Evaluating Imaging Follow-Up Strategies and Costs of Unruptured Intracranial Aneurysms Treated with Endovascular Techniques: A Survey of Academic Neurovascular Centers in the United States.

World Neurosurg. 2016 Oct;94:360-367. doi: 10.1016/j.wneu.2016.07.030. Epub 2016 Jul 17.

Evaluating Imaging Follow-Up Strategies and Costs of Unruptured Intracranial Aneurysms Treated with Endovascular Techniques: A Survey of Academic Neurovascular Centers in the United States.

Abstract

BACKGROUND:

Unruptured intracranial aneurysms (UIAs) are being detected and treated with endovascular techniques at an increasing rate, with little evidence on the optimal imaging follow-up protocol. We performed a survey of academic neurovascular centers in the United States to assess imaging follow-up strategies and costs after endovascular treatment of UIAs.

METHODS:

An online survey on 5-year follow-up strategies of UIAs treated with endovascular techniques was distributed to neurovascular directors of 101 academic neurovascular centers using the American Association of Neurological Surgeons/Congress of Neurological Surgeons Joint Cerebrovascular Section database. An online healthcare marketplace, NewChoiceHealth, was used to calculate costs.

RESULTS:

Of 33 (32.7%) institutions that responded to the survey, 26 (25.7%) provided data suitable for analysis. Nine (34.6%), 10 (38.5%), 4 (15.4%), and 3 (11.5%) centers were located in the northeastern, southern, midwestern, and western regions of the United States. Total costs of 5-year follow-up imaging after primary coil embolization and stent-assisted coiling procedures were $3391-$32,882. Costs for aneurysms treated with flow diversion were $2788-$46,670. Eighteen (69.2%) institutions performed cerebral angiography at 6-month follow-up after coil embolization and stent-assisted coiling, and 19 (73.1%) institutions performed cerebral angiography 6 months after flow diversion. Of institutions, 20% affirmed that they maintained an identical imaging follow-up regimen after treatment of ruptured aneurysms.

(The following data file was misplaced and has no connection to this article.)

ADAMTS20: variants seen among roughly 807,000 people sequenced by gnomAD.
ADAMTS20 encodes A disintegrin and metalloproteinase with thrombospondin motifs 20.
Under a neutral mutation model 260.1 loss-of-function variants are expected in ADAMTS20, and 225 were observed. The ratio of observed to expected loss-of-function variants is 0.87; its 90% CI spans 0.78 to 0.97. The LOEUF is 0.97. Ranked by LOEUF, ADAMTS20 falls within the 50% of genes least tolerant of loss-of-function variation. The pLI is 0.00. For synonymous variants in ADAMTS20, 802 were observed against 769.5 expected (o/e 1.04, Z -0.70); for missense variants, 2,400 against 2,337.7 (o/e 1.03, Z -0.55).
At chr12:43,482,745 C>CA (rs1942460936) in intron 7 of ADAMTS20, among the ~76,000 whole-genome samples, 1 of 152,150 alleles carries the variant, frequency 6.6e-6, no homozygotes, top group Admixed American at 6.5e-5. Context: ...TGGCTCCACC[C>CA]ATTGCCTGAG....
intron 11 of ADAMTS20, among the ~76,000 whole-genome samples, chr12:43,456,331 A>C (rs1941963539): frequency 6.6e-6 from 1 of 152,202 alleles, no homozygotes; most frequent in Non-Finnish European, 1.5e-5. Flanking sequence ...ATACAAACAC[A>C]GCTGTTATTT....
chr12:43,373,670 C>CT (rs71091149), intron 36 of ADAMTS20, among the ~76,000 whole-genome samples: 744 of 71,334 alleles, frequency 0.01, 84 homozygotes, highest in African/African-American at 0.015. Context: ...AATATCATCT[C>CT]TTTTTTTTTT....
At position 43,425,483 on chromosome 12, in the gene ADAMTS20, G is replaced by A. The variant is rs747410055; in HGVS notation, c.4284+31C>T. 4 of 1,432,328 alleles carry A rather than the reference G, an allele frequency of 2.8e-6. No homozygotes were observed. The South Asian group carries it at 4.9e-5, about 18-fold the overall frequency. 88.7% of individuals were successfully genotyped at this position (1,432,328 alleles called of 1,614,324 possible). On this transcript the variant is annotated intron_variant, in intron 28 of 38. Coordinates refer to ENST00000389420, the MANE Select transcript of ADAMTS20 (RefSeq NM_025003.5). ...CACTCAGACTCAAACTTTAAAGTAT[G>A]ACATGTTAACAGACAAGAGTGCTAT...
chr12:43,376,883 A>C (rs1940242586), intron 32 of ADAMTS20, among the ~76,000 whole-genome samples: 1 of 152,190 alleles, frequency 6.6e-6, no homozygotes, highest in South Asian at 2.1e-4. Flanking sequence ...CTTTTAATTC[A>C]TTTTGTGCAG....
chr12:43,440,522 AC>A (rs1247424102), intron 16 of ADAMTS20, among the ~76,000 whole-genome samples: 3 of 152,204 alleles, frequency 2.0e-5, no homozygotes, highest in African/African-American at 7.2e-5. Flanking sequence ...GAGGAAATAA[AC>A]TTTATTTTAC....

CONCLUSIONS:

There is significant heterogeneity in imaging follow-up strategies and their associated costs. Stratification of patients by risk of recanalization and corresponding adjustment of follow-up imaging may be 1 strategy to limit unnecessary imaging and control costs.

KEYWORDS:

Costs; Endovascular treatment; Follow-up imaging; Unruptured intracranial aneurysms

 

READ MORE: http://www.worldneurosurgery.org/article/S1878-8750(16)30552-6/abstract 

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